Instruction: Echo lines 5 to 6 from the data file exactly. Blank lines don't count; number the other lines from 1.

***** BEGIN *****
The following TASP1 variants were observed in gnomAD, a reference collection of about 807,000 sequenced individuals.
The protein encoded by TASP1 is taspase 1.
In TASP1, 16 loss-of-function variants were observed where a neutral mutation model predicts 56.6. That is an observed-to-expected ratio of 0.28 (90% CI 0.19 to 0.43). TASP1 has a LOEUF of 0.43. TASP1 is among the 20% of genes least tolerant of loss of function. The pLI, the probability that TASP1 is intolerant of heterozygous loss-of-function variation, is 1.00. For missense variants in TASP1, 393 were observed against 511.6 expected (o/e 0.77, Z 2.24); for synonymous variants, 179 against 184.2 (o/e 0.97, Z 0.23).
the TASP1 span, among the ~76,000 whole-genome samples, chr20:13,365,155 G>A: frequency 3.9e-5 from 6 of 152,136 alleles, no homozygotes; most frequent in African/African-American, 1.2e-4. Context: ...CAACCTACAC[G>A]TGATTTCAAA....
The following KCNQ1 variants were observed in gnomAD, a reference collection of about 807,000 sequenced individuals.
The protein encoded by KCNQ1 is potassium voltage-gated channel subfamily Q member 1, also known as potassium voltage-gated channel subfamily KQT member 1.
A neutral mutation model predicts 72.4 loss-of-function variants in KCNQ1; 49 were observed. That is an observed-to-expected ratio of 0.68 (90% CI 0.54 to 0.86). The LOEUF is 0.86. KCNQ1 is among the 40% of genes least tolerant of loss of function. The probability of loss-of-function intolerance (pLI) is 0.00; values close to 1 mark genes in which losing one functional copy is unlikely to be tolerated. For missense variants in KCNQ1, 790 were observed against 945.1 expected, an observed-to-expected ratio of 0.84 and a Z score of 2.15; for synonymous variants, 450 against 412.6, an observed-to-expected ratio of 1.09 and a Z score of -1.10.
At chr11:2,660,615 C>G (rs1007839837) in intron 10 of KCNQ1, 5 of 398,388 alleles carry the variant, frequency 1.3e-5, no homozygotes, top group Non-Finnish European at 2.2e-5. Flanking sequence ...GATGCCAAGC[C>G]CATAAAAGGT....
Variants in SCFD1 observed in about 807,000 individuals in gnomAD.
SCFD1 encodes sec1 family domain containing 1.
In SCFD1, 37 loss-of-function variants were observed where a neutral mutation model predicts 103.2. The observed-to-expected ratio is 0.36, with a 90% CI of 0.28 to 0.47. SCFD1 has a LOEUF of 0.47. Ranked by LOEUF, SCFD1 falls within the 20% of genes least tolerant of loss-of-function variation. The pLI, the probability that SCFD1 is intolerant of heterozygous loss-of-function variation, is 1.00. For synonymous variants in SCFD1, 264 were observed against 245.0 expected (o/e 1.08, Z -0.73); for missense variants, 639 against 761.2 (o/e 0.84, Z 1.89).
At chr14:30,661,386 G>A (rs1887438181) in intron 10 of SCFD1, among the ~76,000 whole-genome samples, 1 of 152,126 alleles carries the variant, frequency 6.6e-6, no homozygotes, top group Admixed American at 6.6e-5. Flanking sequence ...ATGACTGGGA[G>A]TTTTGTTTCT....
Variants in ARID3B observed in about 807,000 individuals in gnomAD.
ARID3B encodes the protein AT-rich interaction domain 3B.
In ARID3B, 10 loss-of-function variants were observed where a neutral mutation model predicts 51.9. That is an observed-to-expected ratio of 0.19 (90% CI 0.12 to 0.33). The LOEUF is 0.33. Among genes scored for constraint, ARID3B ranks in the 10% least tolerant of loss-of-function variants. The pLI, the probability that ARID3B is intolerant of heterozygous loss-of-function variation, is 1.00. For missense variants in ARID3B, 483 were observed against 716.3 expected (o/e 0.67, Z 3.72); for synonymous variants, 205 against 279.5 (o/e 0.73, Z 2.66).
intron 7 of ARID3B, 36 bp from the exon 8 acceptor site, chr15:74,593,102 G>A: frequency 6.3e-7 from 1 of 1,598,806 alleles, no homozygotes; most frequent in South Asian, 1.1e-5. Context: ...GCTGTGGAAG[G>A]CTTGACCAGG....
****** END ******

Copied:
The following KCNQ1 variants were observed in gnomAD, a reference collection of about 807,000 sequenced individuals.
The protein encoded by KCNQ1 is potassium voltage-gated channel subfamily Q member 1, also known as potassium voltage-gated channel subfamily KQT member 1.